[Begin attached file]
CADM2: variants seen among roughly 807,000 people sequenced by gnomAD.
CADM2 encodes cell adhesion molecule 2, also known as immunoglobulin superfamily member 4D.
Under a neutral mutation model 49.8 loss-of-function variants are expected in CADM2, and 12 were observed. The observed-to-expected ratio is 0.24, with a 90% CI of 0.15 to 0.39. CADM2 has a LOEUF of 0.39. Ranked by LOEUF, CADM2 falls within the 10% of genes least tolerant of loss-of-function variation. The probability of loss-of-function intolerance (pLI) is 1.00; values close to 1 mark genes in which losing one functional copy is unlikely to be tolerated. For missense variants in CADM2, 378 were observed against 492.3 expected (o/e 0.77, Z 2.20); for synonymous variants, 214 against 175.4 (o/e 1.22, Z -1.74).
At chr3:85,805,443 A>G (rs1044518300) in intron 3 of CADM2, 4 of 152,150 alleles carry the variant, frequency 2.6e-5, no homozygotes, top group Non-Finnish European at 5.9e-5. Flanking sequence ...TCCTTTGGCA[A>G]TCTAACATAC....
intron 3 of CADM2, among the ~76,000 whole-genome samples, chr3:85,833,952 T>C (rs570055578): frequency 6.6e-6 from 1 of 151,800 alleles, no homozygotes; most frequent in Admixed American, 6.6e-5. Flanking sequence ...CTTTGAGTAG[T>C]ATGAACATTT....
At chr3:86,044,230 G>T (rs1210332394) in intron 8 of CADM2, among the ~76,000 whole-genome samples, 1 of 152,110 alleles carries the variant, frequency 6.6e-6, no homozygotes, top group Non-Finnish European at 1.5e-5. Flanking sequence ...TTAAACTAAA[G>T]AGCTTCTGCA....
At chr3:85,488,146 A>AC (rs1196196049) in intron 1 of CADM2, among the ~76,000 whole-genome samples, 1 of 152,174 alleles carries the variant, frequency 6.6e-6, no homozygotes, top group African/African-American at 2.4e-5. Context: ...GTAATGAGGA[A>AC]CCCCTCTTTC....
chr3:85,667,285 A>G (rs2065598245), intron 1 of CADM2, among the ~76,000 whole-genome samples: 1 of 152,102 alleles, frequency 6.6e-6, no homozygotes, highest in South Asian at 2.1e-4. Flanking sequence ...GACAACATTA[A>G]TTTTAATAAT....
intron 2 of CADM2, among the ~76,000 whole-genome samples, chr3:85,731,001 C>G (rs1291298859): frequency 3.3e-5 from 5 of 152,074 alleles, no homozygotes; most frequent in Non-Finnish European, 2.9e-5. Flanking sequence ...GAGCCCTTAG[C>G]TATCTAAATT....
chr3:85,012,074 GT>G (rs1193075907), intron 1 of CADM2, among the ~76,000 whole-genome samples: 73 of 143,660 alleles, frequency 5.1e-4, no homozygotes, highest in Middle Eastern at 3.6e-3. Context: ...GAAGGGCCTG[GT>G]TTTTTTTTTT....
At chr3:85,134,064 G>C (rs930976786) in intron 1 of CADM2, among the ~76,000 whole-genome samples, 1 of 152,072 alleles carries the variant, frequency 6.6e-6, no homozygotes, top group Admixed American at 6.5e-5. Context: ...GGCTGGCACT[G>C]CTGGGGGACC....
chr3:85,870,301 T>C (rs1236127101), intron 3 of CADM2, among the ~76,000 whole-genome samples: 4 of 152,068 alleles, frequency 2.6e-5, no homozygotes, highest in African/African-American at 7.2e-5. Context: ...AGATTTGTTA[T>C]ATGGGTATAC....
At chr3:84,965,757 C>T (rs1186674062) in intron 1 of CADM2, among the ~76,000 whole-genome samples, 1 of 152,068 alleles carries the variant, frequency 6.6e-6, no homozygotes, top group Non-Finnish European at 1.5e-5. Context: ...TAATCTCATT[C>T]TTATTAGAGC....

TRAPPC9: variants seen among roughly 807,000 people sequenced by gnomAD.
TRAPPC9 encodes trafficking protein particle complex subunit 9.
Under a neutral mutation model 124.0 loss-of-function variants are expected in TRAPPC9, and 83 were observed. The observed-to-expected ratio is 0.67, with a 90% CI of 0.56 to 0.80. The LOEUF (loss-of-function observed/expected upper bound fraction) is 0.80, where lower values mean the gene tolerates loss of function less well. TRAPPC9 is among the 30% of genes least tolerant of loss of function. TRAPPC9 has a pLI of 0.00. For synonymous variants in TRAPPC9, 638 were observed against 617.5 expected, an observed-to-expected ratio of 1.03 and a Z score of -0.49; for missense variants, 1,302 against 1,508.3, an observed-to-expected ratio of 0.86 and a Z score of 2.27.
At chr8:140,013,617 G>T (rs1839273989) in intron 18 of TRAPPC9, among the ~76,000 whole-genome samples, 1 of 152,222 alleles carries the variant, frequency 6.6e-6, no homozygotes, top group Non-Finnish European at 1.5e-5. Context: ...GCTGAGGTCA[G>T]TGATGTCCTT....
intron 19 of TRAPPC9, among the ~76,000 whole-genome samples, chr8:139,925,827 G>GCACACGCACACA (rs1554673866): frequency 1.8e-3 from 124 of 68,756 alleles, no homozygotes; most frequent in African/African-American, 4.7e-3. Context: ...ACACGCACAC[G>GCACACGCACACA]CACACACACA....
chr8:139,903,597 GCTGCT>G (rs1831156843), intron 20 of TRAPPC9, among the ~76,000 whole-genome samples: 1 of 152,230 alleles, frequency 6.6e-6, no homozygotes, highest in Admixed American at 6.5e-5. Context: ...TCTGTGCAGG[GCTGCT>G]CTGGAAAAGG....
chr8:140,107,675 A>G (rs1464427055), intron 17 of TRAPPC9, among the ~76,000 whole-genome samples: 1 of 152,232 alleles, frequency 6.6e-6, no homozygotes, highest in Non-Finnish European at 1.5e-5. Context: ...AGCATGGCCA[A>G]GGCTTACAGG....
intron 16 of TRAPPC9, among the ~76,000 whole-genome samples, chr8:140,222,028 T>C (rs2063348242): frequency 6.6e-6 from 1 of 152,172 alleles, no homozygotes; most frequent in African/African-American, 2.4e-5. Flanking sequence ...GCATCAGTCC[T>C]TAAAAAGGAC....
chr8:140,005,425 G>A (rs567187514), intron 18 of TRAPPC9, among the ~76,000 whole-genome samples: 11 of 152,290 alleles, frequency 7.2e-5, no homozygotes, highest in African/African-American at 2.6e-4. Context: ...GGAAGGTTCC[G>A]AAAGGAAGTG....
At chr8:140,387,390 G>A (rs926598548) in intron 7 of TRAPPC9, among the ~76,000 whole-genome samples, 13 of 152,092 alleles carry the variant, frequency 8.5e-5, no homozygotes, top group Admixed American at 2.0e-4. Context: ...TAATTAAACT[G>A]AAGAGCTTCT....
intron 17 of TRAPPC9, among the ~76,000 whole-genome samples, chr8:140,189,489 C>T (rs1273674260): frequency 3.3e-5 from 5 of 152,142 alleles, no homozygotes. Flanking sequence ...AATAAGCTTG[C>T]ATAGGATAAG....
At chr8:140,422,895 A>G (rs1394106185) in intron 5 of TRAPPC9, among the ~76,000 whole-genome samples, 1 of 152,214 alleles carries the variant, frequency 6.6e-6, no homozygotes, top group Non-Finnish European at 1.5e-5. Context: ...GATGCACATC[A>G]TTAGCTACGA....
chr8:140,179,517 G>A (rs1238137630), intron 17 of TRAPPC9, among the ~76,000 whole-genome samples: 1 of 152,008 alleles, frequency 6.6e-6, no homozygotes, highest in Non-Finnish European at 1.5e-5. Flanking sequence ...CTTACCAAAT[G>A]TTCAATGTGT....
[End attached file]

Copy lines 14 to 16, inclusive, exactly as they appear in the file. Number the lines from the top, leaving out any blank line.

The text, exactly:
TRAPPC9: variants seen among roughly 807,000 people sequenced by gnomAD.
TRAPPC9 encodes trafficking protein particle complex subunit 9.
Under a neutral mutation model 124.0 loss-of-function variants are expected in TRAPPC9, and 83 were observed. The observed-to-expected ratio is 0.67, with a 90% CI of 0.56 to 0.80. The LOEUF (loss-of-function observed/expected upper bound fraction) is 0.80, where lower values mean the gene tolerates loss of function less well. TRAPPC9 is among the 30% of genes least tolerant of loss of function. TRAPPC9 has a pLI of 0.00. For synonymous variants in TRAPPC9, 638 were observed against 617.5 expected, an observed-to-expected ratio of 1.03 and a Z score of -0.49; for missense variants, 1,302 against 1,508.3, an observed-to-expected ratio of 0.86 and a Z score of 2.27.